SINGAPORE: President George W. Bush warned Thursday that North Korea may try to sell nuclear technology and materials to other nations and terror groups, and he urged Asian nations to enforce United Nations sanctions against the country.

Speaking at the National University of Singapore at the start of a five-day tour of Asia, Bush cautioned Pyongyang against aiding other nations, particularly in the Middle East, in their pursuit of nuclear weapons. He promised unspecified "grave consequences" if North Korea were ever caught shipping nuclear technology or weaponry abroad.

"The transfer of nuclear weapons or material by North Korea to states or nonstate entities would be considered a grave threat to the United States, and we would hold North Korea fully accountable for the consequences of such action," Bush said.

"For the sake of peace," he added, "it is vital that the nations of this region send a message to North Korea that the proliferation of nuclear technology to hostile regimes or terrorist networks will not be tolerated."

Stopping Wednesday in Moscow for refueling, Bush and his wife, Laura, visited for 90 minutes with President Vladimir Putin.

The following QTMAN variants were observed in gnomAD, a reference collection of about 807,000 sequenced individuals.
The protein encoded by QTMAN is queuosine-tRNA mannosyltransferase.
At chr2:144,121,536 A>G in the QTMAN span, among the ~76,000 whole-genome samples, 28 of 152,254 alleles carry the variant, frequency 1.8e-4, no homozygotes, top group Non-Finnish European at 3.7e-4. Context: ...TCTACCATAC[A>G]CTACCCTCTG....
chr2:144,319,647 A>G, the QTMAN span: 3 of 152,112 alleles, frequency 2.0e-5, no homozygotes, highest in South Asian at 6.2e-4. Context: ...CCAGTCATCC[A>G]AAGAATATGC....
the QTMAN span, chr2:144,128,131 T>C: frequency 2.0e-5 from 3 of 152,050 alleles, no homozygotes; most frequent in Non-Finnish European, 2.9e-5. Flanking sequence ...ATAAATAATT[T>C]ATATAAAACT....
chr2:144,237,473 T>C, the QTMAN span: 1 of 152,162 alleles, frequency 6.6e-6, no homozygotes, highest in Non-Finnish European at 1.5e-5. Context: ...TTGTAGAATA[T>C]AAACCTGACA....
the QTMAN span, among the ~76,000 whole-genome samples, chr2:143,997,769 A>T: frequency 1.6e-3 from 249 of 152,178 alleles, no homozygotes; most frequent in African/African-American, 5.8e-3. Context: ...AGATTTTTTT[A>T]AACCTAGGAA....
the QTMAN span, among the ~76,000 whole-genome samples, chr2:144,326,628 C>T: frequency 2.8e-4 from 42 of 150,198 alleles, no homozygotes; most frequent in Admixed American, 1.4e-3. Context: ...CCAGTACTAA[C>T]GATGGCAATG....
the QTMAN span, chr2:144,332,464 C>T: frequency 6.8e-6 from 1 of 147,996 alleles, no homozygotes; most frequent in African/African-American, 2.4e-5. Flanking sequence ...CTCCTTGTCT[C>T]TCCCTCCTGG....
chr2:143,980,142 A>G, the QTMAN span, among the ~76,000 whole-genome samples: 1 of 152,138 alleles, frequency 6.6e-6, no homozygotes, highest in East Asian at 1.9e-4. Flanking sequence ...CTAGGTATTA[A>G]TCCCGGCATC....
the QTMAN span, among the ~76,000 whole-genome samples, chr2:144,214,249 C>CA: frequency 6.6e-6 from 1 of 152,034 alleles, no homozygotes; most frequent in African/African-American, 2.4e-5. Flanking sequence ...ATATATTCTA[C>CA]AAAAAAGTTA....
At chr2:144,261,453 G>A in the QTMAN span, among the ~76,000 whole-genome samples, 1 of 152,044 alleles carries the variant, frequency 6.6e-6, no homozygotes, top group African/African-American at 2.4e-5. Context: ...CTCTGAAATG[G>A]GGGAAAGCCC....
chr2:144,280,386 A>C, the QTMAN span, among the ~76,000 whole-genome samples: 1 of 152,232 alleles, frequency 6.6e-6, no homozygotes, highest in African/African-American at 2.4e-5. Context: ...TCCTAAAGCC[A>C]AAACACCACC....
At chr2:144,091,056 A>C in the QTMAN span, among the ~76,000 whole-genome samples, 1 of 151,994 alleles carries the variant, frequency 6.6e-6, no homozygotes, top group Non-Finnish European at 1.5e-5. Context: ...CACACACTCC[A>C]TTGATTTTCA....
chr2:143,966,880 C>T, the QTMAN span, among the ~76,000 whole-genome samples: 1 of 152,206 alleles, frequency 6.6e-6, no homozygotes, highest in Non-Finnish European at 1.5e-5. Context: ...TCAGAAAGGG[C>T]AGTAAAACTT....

The White House described the visit as largely social. But it included some exchanges on efforts to get Russia to join a resolution imposing UN sanctions on Iran for its continued defiance over its nuclear program.

On the way from Moscow, Bush's national security adviser, Stephen Hadley, acknowledged that the two countries were still well apart on sanctions.

"The issue is just what should be in the resolution," Hadley said after talking to his counterpart, Igor Ivanov, in Moscow. "It's a little bit like sausage making - it's not pretty, and a lot of it spills out into the public. But I think the international community has held together on this issue, and I think we will again."

Russia, which is the supplier of nuclear reactors under construction in Iran, has deep economic ties to Iran's nuclear power program. It has been reluctant to impose sanctions, saying they would undercut efforts to reach a negotiated settlement. Bush administration officials make little secret of their frustration that the year is coming to a close and Iran is continuing to enrich uranium.

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